Hydrogen holds promise as an inexpensive form of clean energy, but finding an efficient and affordable way to produce the fuel from water – a technique known as water-splitting – remains a key scientific challenge.
A researcher from the University of Houston is working with a colleague in Taiwan to use hollow gold-silver nanoshells to boost the efficiency of photocatalysts, where the combined nanocomposite materials generate hydrogen from water, powered only by sunlight.
Randall Lee, Cullen Distinguished University Chair in chemistry and associate dean for research in the UH College of Natural Sciences and Mathematics, said the nanoshells allow the composite photocatalyst system to absorb a wider spectrum of available light, enhancing the ability of the photocatalyst to separate hydrogen from the water, leaving only oxygen as the byproduct.
Lee also is affiliated with the Texas Center for Superconductivity at UH. His work on the project is funded by a $150,000 grant from the U.S. Air Force Office of Scientific Research and follows several years of participation in the U.S. Air Force-Taiwan Nanoscience Initiative. His collaborator, Tai-Chou Lee of National Central University in Taoyuan City, Taiwan, was a former post-doctoral researcher in his lab at UH.
Hydrogen can be used in the form of fuel cells to power electric motors or burned in internal combustion engines. But finding a practical, inexpensive and environmentally friendly way to produce large amounts of hydrogen gas has been elusive.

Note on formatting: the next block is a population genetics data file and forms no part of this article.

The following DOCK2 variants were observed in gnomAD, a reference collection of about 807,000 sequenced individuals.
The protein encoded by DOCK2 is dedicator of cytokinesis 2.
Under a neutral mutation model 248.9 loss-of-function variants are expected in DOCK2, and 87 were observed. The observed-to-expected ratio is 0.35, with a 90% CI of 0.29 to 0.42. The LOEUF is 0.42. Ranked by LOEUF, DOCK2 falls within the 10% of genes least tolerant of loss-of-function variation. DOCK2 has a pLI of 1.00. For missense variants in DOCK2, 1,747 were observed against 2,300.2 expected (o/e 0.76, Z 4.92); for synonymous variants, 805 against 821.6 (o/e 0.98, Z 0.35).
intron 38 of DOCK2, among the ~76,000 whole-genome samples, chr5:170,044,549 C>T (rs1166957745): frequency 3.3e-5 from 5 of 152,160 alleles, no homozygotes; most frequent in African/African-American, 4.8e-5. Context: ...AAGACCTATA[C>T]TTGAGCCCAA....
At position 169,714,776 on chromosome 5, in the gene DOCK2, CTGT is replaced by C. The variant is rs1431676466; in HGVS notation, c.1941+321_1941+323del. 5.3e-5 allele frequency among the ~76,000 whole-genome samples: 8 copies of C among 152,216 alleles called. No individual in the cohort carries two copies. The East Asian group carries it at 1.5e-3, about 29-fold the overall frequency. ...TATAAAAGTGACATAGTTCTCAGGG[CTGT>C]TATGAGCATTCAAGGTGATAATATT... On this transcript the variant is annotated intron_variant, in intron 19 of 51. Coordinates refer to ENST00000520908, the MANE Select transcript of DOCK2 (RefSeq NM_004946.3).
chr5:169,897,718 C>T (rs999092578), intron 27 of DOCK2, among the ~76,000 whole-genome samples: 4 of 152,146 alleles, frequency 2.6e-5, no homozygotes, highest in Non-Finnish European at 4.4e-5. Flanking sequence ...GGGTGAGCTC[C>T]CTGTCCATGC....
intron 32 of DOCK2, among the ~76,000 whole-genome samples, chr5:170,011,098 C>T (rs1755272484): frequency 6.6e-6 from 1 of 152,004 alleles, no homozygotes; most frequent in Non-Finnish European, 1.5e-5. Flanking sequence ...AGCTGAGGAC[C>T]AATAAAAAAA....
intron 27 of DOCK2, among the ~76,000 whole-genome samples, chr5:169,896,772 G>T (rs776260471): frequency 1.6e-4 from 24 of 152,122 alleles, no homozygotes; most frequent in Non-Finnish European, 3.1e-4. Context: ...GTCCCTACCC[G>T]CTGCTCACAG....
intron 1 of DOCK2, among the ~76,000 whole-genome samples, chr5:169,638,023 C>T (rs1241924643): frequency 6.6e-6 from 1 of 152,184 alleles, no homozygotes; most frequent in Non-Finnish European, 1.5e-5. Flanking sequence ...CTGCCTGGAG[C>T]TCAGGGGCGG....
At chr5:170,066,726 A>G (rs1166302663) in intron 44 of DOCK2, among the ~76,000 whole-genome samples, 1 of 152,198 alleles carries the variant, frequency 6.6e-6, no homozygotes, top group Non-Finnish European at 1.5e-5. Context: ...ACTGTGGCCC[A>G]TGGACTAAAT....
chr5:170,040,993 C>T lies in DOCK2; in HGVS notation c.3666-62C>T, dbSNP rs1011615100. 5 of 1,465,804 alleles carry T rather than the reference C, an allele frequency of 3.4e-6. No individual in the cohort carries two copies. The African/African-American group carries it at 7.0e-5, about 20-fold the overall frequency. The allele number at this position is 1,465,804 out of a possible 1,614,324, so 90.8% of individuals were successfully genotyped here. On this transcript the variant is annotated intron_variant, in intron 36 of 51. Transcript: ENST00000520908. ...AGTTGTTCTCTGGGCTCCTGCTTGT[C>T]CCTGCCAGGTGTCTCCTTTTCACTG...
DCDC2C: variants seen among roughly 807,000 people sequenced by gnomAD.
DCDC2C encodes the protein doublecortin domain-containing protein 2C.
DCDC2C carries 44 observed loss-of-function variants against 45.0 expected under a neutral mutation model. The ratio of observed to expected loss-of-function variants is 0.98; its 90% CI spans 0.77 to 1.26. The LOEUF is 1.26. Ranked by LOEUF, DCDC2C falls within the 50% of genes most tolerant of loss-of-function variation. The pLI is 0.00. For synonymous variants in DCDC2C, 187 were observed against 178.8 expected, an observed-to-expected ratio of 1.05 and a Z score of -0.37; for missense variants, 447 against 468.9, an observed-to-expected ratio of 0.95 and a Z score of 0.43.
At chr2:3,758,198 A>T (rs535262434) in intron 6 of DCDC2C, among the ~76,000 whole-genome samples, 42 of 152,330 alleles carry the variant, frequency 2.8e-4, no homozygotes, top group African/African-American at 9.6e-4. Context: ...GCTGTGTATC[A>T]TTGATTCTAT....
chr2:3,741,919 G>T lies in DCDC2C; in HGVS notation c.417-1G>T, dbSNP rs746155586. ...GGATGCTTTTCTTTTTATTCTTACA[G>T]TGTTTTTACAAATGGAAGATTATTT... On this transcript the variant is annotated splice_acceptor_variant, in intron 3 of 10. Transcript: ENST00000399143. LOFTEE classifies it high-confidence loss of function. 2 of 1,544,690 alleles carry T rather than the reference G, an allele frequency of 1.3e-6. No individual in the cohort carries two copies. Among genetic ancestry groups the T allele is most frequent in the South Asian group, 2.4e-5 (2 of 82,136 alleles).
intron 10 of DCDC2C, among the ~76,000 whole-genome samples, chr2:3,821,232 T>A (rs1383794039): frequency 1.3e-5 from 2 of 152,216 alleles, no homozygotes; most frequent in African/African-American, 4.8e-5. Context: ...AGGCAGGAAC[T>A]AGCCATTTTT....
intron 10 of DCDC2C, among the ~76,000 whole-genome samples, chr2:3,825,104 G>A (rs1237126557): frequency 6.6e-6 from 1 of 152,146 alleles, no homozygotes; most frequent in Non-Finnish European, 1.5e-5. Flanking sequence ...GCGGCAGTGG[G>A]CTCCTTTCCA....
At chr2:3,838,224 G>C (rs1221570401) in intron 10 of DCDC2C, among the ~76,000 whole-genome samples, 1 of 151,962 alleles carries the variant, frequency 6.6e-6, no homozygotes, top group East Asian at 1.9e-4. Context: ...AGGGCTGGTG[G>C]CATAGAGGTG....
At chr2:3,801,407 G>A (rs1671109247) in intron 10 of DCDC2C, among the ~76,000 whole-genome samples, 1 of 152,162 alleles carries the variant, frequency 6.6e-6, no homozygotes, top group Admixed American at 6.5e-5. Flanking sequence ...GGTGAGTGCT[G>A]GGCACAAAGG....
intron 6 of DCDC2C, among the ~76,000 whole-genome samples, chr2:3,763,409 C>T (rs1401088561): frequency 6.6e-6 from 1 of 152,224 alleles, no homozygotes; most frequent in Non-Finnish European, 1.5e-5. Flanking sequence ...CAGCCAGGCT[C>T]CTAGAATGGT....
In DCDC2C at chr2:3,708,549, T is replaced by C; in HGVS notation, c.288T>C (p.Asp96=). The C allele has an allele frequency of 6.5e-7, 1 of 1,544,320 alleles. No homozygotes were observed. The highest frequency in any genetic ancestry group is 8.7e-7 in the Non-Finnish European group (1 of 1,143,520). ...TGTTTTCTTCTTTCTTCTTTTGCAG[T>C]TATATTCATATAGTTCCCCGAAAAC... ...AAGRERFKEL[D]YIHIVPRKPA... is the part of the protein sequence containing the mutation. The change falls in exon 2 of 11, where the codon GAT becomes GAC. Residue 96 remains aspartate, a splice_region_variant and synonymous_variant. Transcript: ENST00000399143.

Most hydrogen today is produced through steam methane reforming and coal gasification, methods that lack portability and raise the fuel’s carbon footprint despite the fact that it burns cleanly. Being able to produce hydrogen reliably and cheaply using only water and sunlight would be a major breakthrough.
Lee’s laboratory focuses on nanoparticles, nanoscale thin films and coatings and other nanomaterials for the energy and health care industries, while Tai-Chou Lee – the two are not related – works in photocatalysis, using light to trigger a chemical change.
UH's Lee said putting the two together – using surface-modified hollow gold-silver nanoshells to boost the efficiency of Tai-Chou Lee’s catalyst – is a marriage of fundamental research with an end application.
While traditional photocatalysts typically absorb light in the ultraviolet and short-wavelength visible ranges, adding the nanoshells allows the catalyst system to make additional use of long-wavelength visible and near infrared wavelengths, boosting its overall efficiency.
The researchers last year published early results from the work; Lee said the latest grant will allow him to enhance the efficiency of the nanoshells, which are made from a combination of gold and silver but coated with a dielectric material that is critical to achieving abundant hydrogen production.
“If you can use sunshine to generate fuel from water, that’s a really clean source of energy,” said Lee.